As the Upper House election campaign enters its final phase, polls suggest that the Liberal Democratic Party and its coalition partner Komeito are facing a tough battle. But as Democratic Party of Japan leader Ichiro Ozawa has said, the results will not be known until the ballot boxes are opened. In fact, about 40 percent of those polled recently by Kyodo News have not yet decided how they will cast their votes.

The Kyodo poll shows that more than 80 percent of those queried — a record number — are interested in the election in which half of the chamber’s 242 seats will be contested. Clearly a large number of voters want to pass judgment on the administration of Prime Minister Shinzo Abe, which took power in September 2006.

The fiasco involving hard-to-identify pension premium payments records, scandals over Cabinet members’ political funds records, gaffes by Cabinet members and the lack of earthquake preparedness at nuclear-power plants have raised doubts in voters’ minds over the government’s ability to govern and its trustworthiness.

In addition to the administration’s performance, constitutional revision is also an important issue. Although the LDP’s campaign pledge makes the issue the party’s top priority and Mr. Abe has been calling for a “departure from the postwar regime,” only the Japanese Communist Party and the Social Democratic Party have been vocal in their campaigns about the constitutional issue from the viewpoint of protecting the war-renouncing Article 9. It is vital that voters discern the parties’ and candidates’ attitudes toward the Constitution. It must not be forgotten that under the national referendum law, the Diet can initiate constitutional revisions after three years.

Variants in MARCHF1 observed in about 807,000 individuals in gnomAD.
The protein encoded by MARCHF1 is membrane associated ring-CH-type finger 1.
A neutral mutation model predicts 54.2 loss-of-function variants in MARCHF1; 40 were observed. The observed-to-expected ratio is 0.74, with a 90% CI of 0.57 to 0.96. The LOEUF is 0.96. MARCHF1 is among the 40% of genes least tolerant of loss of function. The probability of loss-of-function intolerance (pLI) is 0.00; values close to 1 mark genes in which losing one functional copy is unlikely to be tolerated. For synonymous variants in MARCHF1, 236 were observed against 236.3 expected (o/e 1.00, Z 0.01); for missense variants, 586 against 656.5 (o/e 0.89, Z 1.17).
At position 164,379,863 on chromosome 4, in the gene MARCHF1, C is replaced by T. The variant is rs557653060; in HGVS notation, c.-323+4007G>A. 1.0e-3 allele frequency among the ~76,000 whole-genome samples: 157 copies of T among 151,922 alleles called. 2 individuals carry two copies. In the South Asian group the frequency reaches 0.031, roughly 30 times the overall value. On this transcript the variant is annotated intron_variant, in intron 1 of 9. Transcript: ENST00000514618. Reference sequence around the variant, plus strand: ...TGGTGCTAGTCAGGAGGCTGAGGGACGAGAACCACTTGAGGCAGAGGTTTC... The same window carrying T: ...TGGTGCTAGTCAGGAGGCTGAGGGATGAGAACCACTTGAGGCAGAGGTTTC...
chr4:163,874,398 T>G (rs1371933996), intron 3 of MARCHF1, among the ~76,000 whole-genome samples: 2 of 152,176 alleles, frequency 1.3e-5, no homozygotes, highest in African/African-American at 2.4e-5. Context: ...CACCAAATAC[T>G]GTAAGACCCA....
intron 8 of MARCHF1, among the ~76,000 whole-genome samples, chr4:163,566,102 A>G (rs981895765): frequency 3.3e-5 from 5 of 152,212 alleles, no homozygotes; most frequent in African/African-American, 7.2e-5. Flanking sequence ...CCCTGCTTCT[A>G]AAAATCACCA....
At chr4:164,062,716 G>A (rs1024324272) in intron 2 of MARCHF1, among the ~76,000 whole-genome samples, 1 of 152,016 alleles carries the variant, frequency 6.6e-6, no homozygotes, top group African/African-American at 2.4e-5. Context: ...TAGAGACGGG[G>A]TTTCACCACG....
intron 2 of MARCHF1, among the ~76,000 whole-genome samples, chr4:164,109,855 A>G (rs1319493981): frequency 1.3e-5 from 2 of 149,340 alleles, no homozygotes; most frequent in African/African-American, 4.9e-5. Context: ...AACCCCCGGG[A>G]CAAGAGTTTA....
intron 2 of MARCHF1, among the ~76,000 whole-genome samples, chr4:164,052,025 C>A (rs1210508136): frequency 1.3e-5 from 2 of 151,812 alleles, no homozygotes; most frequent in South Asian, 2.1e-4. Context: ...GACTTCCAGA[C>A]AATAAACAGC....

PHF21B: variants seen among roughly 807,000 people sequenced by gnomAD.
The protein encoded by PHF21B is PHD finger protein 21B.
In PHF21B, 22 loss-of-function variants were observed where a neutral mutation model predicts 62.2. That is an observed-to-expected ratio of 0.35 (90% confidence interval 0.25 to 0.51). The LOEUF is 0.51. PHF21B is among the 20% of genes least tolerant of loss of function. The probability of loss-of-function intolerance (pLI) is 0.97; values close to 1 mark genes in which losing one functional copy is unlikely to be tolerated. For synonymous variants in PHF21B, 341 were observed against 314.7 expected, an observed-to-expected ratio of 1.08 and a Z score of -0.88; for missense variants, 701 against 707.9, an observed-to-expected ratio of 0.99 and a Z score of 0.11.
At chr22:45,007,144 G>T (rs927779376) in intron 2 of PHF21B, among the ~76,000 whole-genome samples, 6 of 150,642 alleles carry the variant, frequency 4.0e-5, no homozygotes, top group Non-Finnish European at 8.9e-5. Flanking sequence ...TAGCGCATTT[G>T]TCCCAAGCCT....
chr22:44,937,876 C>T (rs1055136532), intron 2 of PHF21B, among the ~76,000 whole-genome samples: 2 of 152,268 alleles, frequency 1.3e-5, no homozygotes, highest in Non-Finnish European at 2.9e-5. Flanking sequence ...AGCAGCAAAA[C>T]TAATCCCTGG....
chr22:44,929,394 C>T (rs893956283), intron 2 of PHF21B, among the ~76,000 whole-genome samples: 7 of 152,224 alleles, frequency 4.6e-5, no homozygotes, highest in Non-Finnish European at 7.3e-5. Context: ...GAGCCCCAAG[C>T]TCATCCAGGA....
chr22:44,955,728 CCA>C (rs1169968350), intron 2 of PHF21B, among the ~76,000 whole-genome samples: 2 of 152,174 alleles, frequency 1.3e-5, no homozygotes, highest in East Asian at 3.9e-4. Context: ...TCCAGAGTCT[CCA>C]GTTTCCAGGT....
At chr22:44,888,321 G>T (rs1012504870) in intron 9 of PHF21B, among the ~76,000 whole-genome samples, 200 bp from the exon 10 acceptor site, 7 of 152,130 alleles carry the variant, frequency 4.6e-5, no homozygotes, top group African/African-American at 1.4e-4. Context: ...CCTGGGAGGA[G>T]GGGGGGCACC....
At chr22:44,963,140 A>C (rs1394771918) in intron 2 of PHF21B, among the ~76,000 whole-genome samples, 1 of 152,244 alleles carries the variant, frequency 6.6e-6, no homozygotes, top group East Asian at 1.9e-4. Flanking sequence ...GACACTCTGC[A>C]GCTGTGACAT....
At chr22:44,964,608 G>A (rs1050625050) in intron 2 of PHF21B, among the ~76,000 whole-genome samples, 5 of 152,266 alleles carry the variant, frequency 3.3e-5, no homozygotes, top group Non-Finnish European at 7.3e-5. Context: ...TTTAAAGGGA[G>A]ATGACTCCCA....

The election results will not only affect the fate of Mr. Abe and the DPJ’s Mr. Ozawa; it will have a great impact on the future course of Japan. Voters need to carefully consider the pledges of the parties and candidates, and decide which ones are worthy of their support.

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